Johnny Farrell is a gambling cheat who turns straight to work for an unsettling casino owner Ballin Mundson. But things take a turn for Johnny as his alluring ex-lover appears as Mundson's wife, and Mundson's machinations begin to unravel.
In fog-dripping, barren and sometimes macabre settings, 11th-century Scottish nobleman Macbeth is led by an evil prophecy and his ruthless yet desirable wife to the treasonous act that ... See full summary »
Three stories of murder and the supernatural. In the first, a museum worker is introduced to a world behind the pictures he sees every day. Second, when two lifelong friends fall in love ... See full summary »
Michael O'Hara, against his better judgement, hires on as a crew member of Arthur Bannister's yacht, sailing to San Francisco. They pick up Grisby, Bannister's law partner, en route. Bannister has a wife, Rosalie, who seems to like Michael much better than she likes her husband. After they dock in Sausalito, Michael goes along with Grisby's weird plan to fake his (Grisby's) murder so he can disappear untailed. He wants the $5000 Grisby has offered, so he can run off with Rosalie. But Grisby turns up actually murdered, and Michael gets blamed for it. Somebody set him up, but it is not clear who or how. Bannister (the actual murderer?) defends Michael in court. Written by
John Oswalt <email@example.com>
When Glenn Anders arrived on the set his first day, Orson Welles immediately ordered him to lie down on a stretcher under a sheet and play dead. The actor did as instructed and while he lay there, he said, a studio rep handed him a pen and a contract to sign. At that point, Anders claimed, he still knew nothing about the film or the part he was playing. Over the course of shooting, Anders became so upset about Welles's bullying, the crew dubbed him "Glenn Anguish." See more »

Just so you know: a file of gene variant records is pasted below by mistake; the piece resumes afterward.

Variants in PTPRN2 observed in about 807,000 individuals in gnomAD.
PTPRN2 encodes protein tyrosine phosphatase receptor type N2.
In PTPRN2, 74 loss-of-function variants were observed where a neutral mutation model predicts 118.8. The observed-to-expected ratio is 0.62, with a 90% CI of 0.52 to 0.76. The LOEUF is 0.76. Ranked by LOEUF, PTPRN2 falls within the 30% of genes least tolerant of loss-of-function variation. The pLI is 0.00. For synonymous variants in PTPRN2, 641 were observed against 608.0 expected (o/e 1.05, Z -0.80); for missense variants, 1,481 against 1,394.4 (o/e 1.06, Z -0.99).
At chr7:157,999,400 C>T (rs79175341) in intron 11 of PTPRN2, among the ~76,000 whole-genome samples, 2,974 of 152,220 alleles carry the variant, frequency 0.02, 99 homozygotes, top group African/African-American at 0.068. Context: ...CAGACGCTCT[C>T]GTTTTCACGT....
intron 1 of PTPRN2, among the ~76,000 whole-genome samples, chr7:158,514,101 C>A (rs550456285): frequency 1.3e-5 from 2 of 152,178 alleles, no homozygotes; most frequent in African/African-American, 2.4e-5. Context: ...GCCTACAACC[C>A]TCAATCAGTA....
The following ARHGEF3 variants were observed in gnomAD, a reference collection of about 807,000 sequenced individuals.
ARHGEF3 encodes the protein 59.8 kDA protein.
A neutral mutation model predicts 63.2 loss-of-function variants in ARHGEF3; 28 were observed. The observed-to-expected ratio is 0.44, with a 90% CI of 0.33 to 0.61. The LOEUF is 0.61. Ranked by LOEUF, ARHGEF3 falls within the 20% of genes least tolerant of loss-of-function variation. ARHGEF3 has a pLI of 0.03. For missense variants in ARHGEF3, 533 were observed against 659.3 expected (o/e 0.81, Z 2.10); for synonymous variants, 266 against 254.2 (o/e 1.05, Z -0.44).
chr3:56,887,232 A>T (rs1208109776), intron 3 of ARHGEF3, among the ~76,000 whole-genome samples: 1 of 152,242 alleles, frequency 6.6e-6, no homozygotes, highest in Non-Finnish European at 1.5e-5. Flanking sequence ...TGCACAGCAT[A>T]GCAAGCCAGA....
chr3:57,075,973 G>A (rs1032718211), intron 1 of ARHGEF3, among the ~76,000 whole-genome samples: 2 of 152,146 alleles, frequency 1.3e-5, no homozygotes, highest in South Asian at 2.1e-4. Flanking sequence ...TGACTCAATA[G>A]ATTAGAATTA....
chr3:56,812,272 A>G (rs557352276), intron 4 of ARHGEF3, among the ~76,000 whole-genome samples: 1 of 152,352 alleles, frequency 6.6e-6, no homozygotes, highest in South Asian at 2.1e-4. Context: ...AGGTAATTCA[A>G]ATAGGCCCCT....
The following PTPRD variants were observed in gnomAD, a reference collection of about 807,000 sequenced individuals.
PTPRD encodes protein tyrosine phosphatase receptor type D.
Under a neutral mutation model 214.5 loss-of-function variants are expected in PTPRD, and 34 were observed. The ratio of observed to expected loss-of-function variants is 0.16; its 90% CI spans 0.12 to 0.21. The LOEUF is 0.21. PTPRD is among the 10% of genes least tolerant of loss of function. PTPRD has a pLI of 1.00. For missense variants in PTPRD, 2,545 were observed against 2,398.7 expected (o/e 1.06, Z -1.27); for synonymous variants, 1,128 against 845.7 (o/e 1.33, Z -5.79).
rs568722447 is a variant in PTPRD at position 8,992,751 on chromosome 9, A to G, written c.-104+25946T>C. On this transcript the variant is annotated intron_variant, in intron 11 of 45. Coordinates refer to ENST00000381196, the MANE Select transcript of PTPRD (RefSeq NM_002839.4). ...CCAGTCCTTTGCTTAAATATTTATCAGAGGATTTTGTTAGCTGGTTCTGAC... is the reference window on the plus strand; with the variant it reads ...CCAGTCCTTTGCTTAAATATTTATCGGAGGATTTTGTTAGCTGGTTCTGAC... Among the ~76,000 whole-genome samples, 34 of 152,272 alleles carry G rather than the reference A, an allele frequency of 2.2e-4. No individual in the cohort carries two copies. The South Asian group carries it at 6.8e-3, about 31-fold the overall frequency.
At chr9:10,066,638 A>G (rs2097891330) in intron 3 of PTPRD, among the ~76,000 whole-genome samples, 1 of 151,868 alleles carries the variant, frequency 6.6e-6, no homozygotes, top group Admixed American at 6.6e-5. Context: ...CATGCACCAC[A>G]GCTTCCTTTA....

In the Crazy House, Mrs. Bannister's lips do not match the line "we could have gone off together." See more »
One can only imagine the film Mr. Welles might have finished without the interference of the studio! This film is a flawed Welles, but worth every minute of it because one can see the greatness of perhaps America's best motion picture director of all times!
We can see the toll it took on Orson Welles the filming of this movie. The story has a lot of holes in it, perhaps because of the demands of the studio executives that didn't trust the director.
It is curious by reading some of the opinions submitted to IMDB that compare Orson Welles with the Coen brothers, Roman Polanski, even Woody Allen, when it should be all of those directors that must be regarded as followers of the great master himself. No one was more original and creative in the history of American cinema than Mr. Welles. Lucky are we to still have his legacy either in retrospective looks such as the one the Film Forum in New York just ended, or his films either on tape or DVD form.
Rita Hayworth was never more lovingly photographed than here. If she was a beauty with her red hair, as a blonde, she is just too stunning for words. Everett Sloan and Glenn Anders made an excellent contribution to the movie.
The only thing that might have made this film another masterpiece to be added to Orson Welles body of work, was his own appearance in it. Had he concentrated in the directing and had another actor interpret Michael O'Hara, a different film might have been achieved altogether. Orson Welles has to be credited for being perhaps a pioneer in taking the camera away from the studio lot into the street. The visuals in this film are so amazing that we leave the theater after seeing this movie truly impressed for the work, the vision and the talent he gave us.
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